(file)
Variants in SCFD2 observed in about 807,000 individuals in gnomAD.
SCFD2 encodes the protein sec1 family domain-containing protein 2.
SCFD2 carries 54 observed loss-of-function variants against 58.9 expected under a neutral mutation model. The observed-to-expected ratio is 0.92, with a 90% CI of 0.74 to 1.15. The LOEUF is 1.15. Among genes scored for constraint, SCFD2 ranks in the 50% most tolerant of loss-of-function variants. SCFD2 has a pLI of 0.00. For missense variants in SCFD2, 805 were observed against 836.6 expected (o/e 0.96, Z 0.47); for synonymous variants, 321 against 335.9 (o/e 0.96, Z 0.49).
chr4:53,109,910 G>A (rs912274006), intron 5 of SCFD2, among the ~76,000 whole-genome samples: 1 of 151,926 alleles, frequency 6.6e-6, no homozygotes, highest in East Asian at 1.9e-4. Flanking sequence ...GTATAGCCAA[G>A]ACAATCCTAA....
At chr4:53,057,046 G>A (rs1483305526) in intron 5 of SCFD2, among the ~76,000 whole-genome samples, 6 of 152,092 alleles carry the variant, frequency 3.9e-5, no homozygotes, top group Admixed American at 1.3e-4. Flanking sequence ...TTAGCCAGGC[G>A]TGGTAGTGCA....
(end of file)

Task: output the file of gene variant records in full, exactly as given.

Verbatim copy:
Variants in SCFD2 observed in about 807,000 individuals in gnomAD.
SCFD2 encodes the protein sec1 family domain-containing protein 2.
SCFD2 carries 54 observed loss-of-function variants against 58.9 expected under a neutral mutation model. The observed-to-expected ratio is 0.92, with a 90% CI of 0.74 to 1.15. The LOEUF is 1.15. Among genes scored for constraint, SCFD2 ranks in the 50% most tolerant of loss-of-function variants. SCFD2 has a pLI of 0.00. For missense variants in SCFD2, 805 were observed against 836.6 expected (o/e 0.96, Z 0.47); for synonymous variants, 321 against 335.9 (o/e 0.96, Z 0.49).
chr4:53,109,910 G>A (rs912274006), intron 5 of SCFD2, among the ~76,000 whole-genome samples: 1 of 151,926 alleles, frequency 6.6e-6, no homozygotes, highest in East Asian at 1.9e-4. Flanking sequence ...GTATAGCCAA[G>A]ACAATCCTAA....
At chr4:53,057,046 G>A (rs1483305526) in intron 5 of SCFD2, among the ~76,000 whole-genome samples, 6 of 152,092 alleles carry the variant, frequency 3.9e-5, no homozygotes, top group Admixed American at 1.3e-4. Flanking sequence ...TTAGCCAGGC[G>A]TGGTAGTGCA....